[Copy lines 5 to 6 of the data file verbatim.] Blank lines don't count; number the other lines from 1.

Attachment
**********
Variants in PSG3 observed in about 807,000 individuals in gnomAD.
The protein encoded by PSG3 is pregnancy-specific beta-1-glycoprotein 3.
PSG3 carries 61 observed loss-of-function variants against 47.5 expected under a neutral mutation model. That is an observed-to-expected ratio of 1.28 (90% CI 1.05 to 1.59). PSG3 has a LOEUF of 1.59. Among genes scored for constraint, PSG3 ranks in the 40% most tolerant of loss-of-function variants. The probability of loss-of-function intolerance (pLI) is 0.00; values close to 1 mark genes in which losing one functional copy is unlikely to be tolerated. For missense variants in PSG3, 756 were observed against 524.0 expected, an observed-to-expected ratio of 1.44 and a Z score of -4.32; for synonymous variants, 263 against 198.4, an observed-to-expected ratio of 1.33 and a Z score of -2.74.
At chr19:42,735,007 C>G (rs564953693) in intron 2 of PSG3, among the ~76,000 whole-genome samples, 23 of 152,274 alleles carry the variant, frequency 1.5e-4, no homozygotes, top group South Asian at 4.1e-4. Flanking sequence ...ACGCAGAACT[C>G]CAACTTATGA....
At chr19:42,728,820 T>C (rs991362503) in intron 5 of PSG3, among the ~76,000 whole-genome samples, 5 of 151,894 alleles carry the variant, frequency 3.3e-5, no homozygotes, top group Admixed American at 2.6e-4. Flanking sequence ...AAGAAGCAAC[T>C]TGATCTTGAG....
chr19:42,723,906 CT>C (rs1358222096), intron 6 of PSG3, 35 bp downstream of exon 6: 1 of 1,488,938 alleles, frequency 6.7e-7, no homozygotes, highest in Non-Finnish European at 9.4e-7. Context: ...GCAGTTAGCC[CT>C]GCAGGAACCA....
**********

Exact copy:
At chr19:42,728,820 T>C (rs991362503) in intron 5 of PSG3, among the ~76,000 whole-genome samples, 5 of 151,894 alleles carry the variant, frequency 3.3e-5, no homozygotes, top group Admixed American at 2.6e-4. Flanking sequence ...AAGAAGCAAC[T>C]TGATCTTGAG....
chr19:42,723,906 CT>C (rs1358222096), intron 6 of PSG3, 35 bp downstream of exon 6: 1 of 1,488,938 alleles, frequency 6.7e-7, no homozygotes, highest in Non-Finnish European at 9.4e-7. Context: ...GCAGTTAGCC[CT>C]GCAGGAACCA....